Transforming Journalism as Democracy Emerges: 'Ten Years into Democracy, Many Journalists Are Struggling to Redefine Their Relationship to Government.'

By Green, Pippa | Nieman Reports, Fall 2004 | Go to article overview

Transforming Journalism as Democracy Emerges: 'Ten Years into Democracy, Many Journalists Are Struggling to Redefine Their Relationship to Government.'


Green, Pippa, Nieman Reports


A few months before this spring's South African elections, a young radio reporter with the South African Broadcasting Corporation (SABC) went to Upington, a remote town sandwiched between the Kgalagadi desert and the Orange River in the Northern Cape. She went there to interview Evelina de Bruin, an elderly woman who'd received a brick house from the government through its housing program.

In the 1980's, de Bruin had been internationally famous as one of the oldest people sentenced to death in South Africa, accused in the "common purpose" murder of a black policeman at the height of the apartheid era violence. Poor and illiterate, she happened to be in the area at the time this policeman was murdered, and for that she was sentenced to death, along with her husband and 12 others. Three years later, their death sentences were commuted, and eventually the "Upington 14," as they were known, were freed from jail.

Now de Bruin was getting her first house. It would be the first place she'd ever lived with running water indoors and electricity. Our reporter interviewed her about this and about the huge changes in her life since her lonely, bewildering spell on death row more than a decade ago. When her story was submitted to one of our radio current affairs' programs, our reporter received a sharply worded note from the show's producer: "You must wake up! Its election time. Everybody's getting houses."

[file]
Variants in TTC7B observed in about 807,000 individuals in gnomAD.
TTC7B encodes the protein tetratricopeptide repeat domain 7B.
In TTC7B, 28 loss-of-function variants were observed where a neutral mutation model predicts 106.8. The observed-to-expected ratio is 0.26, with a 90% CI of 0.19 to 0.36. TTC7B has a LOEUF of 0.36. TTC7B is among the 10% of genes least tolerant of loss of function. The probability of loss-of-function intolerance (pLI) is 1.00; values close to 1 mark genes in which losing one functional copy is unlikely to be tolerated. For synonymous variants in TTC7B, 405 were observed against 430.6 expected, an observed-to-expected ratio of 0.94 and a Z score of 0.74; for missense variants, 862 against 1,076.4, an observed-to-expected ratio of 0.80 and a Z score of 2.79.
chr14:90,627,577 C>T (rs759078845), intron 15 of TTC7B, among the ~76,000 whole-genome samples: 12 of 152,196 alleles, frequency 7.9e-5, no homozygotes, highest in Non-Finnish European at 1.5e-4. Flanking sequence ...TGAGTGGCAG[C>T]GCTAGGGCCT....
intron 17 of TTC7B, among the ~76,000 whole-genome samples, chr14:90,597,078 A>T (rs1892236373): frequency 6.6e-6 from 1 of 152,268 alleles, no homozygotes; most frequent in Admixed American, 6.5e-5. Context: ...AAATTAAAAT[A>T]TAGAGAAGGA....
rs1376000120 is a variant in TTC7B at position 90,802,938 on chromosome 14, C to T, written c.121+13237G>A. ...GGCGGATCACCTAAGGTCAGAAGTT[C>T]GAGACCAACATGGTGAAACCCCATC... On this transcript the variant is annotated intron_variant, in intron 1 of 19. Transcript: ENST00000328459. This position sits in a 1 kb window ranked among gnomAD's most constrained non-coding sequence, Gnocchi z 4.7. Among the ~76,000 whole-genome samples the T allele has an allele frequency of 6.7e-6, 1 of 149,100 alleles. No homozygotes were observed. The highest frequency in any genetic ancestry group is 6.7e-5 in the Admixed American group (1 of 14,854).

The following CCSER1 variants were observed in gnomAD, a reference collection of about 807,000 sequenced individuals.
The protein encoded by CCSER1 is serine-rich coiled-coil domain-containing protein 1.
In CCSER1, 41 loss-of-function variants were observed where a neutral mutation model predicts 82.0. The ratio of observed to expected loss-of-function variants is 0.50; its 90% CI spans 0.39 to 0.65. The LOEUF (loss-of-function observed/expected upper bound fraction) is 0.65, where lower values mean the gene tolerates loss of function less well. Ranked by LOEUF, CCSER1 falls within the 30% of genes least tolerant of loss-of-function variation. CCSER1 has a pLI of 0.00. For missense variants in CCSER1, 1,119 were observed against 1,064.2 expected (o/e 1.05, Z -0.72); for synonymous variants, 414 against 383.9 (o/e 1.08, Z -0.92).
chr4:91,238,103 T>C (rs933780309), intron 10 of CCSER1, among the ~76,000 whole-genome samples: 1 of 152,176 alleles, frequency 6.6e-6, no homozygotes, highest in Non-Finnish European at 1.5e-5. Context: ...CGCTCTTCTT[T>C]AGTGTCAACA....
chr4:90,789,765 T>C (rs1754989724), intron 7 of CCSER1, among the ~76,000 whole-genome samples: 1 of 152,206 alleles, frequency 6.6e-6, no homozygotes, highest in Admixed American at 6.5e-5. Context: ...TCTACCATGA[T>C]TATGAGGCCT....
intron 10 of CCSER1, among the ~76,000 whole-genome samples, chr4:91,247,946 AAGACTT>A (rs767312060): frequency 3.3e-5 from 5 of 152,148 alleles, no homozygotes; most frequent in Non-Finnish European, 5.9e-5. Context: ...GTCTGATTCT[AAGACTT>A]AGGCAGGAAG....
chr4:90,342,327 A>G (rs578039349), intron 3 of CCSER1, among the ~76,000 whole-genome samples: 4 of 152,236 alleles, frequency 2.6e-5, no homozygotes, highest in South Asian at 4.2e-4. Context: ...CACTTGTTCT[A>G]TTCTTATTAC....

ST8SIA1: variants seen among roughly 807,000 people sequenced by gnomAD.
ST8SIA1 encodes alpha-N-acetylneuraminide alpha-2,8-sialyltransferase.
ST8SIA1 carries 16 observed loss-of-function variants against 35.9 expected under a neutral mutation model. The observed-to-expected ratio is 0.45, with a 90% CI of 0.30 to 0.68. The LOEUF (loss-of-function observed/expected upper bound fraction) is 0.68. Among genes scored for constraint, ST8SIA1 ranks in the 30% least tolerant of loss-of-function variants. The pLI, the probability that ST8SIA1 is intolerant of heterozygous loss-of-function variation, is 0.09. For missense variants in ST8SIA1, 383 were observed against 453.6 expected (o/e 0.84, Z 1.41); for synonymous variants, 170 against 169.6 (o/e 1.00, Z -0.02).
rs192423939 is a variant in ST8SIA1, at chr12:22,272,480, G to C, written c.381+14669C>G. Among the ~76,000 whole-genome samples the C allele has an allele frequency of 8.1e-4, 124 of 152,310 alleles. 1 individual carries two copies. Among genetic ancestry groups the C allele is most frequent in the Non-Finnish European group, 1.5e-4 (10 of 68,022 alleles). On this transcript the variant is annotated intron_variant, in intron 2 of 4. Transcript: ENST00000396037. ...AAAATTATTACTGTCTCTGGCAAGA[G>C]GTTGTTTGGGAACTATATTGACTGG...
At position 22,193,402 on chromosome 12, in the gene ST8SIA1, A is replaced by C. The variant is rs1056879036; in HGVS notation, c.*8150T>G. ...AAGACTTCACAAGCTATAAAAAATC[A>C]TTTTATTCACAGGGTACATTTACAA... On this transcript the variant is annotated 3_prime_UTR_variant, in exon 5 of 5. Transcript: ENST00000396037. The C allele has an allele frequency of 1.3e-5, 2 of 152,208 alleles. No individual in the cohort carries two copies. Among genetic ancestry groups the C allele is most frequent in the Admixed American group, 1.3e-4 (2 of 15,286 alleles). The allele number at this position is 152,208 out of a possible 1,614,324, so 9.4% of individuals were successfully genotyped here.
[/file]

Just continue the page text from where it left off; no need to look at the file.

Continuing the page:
The comment struck me as inappropriately political. Was it the job of radio reporters to focus more extensive coverage on the local government official tasked with handing out the new house, built as part of the South African government's ambitious public housing program? Even more striking to me was this producer's failure to recognize the great human story behind the far more obvious government angle. Here was an elderly domestic worker who was nearly executed by the apartheid government and living in the same township that was the scene of the tumult that led to her trial, being handed the keys to a tiny brick house.

Transforming the SABC

Such editorial decision-making is part of the challenge of operating South Africa's biggest news medium, the public broadcaster's radio news service. It evokes the very similar challenges confronting many South African news organizations and journalists today: the need to search for narratives to portray and explain the enormity of change during the first decade of democracy without being a mouthpiece of the government.

At Radio News and Current Affairs, a division of SABC that I have headed for the past two years, our scope is vast. We broadcast news and current affairs in 11 official languages and in two languages of the indigenous San communities in the Northern Cape. We broadcast some 35 hours of current affairs each day on 13 public broadcast radio stations and about 240 bulletins daily for 16 radio stations. We also manage 10 newsrooms across the country. Our reach is significant both in terms of our reporters dotting every corner of the country and in our vast audience of 15 to 18 million listeners. The biggest newspaper in South Africa, by contrast, has a readership of about three million.

Apart from keeping this ship going, our greatest challenge is to construct a culture of journalism that can break decisively with the broadcaster's past when it was the voice of the state. Efforts to establish high journalistic standards for the SABC remain at the heart of an internal political debate. Allister Sparks is an accomplished South African journalist who wrote in his book, "Beyond the Miracle: Inside the New South Africa," that "transforming the SABC has been one of the most challenging and frustrating tasks in the new South Africa. For 45 years this giant broadcasting monopoly dominated the airwaves as an explicit and unashamed propaganda machine [of the apartheid state]."

When South Africa's political leaders negotiated the transition from apartheid to democracy in the early 1990's, the first and most urgent task was to reform the state broadcast media into a public broadcaster. …

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